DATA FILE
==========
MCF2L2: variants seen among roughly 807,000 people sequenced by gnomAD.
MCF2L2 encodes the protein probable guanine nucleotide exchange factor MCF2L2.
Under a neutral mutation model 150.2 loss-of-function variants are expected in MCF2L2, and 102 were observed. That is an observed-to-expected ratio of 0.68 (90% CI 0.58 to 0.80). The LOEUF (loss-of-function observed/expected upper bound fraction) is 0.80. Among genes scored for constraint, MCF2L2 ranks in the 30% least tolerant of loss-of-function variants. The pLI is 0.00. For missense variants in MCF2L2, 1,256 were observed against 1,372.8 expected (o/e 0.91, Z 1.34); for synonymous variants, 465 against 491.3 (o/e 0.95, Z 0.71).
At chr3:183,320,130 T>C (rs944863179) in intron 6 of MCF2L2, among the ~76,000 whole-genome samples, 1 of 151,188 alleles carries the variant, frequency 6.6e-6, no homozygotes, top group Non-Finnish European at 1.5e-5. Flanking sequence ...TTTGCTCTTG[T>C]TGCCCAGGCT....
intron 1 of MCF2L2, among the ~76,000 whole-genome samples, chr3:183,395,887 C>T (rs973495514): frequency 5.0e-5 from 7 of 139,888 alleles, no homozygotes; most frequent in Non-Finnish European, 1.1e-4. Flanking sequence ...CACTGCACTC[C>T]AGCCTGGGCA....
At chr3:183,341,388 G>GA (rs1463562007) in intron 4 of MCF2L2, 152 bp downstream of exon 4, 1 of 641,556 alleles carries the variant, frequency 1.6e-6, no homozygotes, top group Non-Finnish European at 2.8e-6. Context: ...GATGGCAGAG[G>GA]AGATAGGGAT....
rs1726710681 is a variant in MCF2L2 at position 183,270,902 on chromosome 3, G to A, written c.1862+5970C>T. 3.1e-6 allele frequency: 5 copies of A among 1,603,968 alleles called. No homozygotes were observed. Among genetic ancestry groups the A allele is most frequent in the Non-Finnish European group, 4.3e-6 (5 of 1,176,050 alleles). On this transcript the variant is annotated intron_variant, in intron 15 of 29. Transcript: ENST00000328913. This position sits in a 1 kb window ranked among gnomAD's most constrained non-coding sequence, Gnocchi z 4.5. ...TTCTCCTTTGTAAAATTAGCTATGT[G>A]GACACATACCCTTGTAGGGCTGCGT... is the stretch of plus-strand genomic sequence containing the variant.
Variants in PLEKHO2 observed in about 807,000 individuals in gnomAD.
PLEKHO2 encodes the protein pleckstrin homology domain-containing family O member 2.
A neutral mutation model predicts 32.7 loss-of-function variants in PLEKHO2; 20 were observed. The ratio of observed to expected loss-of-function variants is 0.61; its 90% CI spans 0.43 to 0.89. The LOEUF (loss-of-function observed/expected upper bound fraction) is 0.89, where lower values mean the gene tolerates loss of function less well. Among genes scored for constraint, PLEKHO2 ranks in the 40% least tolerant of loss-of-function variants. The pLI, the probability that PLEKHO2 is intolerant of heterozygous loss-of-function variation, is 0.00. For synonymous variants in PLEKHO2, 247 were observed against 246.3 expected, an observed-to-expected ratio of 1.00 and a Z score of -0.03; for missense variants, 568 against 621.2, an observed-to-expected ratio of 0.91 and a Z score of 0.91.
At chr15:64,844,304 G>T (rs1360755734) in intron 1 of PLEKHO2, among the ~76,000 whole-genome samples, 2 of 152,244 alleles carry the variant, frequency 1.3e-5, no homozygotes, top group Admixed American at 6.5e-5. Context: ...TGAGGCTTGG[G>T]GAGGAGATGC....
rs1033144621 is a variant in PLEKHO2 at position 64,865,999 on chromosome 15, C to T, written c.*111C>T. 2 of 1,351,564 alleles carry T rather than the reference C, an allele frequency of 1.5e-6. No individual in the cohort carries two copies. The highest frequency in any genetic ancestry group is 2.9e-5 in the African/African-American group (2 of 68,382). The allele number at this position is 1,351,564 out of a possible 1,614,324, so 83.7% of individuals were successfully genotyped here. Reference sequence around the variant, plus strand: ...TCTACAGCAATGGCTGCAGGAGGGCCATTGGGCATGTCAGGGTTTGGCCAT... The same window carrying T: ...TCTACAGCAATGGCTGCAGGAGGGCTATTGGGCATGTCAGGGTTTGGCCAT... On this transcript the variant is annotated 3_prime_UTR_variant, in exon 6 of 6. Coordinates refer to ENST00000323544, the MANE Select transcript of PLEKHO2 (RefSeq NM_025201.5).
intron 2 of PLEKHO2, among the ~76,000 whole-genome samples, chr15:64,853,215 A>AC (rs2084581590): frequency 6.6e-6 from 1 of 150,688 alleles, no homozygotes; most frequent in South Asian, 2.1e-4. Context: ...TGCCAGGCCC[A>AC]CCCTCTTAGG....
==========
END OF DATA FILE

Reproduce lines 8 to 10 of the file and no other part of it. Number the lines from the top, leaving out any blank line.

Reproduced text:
Variants in PLEKHO2 observed in about 807,000 individuals in gnomAD.
PLEKHO2 encodes the protein pleckstrin homology domain-containing family O member 2.
A neutral mutation model predicts 32.7 loss-of-function variants in PLEKHO2; 20 were observed. The ratio of observed to expected loss-of-function variants is 0.61; its 90% CI spans 0.43 to 0.89. The LOEUF (loss-of-function observed/expected upper bound fraction) is 0.89, where lower values mean the gene tolerates loss of function less well. Among genes scored for constraint, PLEKHO2 ranks in the 40% least tolerant of loss-of-function variants. The pLI, the probability that PLEKHO2 is intolerant of heterozygous loss-of-function variation, is 0.00. For synonymous variants in PLEKHO2, 247 were observed against 246.3 expected, an observed-to-expected ratio of 1.00 and a Z score of -0.03; for missense variants, 568 against 621.2, an observed-to-expected ratio of 0.91 and a Z score of 0.91.